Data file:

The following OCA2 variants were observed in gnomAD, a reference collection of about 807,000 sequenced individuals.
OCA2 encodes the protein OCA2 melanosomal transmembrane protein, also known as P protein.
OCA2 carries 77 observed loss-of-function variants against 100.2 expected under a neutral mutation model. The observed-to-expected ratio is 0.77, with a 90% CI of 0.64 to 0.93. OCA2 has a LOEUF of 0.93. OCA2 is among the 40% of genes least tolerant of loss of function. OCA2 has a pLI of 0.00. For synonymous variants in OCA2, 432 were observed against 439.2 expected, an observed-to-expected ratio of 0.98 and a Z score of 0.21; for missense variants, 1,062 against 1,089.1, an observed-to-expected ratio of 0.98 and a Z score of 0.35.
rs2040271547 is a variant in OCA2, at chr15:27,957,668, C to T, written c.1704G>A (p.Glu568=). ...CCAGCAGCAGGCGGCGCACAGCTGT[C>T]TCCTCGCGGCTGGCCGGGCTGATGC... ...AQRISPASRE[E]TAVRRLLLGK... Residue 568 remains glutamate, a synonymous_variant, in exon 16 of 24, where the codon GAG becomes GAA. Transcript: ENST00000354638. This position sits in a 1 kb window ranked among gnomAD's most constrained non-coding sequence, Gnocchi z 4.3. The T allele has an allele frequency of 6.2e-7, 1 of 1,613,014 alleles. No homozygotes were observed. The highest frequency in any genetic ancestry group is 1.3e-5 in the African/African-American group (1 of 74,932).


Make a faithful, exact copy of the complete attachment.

The following OCA2 variants were observed in gnomAD, a reference collection of about 807,000 sequenced individuals.
OCA2 encodes the protein OCA2 melanosomal transmembrane protein, also known as P protein.
OCA2 carries 77 observed loss-of-function variants against 100.2 expected under a neutral mutation model. The observed-to-expected ratio is 0.77, with a 90% CI of 0.64 to 0.93. OCA2 has a LOEUF of 0.93. OCA2 is among the 40% of genes least tolerant of loss of function. OCA2 has a pLI of 0.00. For synonymous variants in OCA2, 432 were observed against 439.2 expected, an observed-to-expected ratio of 0.98 and a Z score of 0.21; for missense variants, 1,062 against 1,089.1, an observed-to-expected ratio of 0.98 and a Z score of 0.35.
rs2040271547 is a variant in OCA2, at chr15:27,957,668, C to T, written c.1704G>A (p.Glu568=). ...CCAGCAGCAGGCGGCGCACAGCTGT[C>T]TCCTCGCGGCTGGCCGGGCTGATGC... ...AQRISPASRE[E]TAVRRLLLGK... Residue 568 remains glutamate, a synonymous_variant, in exon 16 of 24, where the codon GAG becomes GAA. Transcript: ENST00000354638. This position sits in a 1 kb window ranked among gnomAD's most constrained non-coding sequence, Gnocchi z 4.3. The T allele has an allele frequency of 6.2e-7, 1 of 1,613,014 alleles. No homozygotes were observed. The highest frequency in any genetic ancestry group is 1.3e-5 in the African/African-American group (1 of 74,932).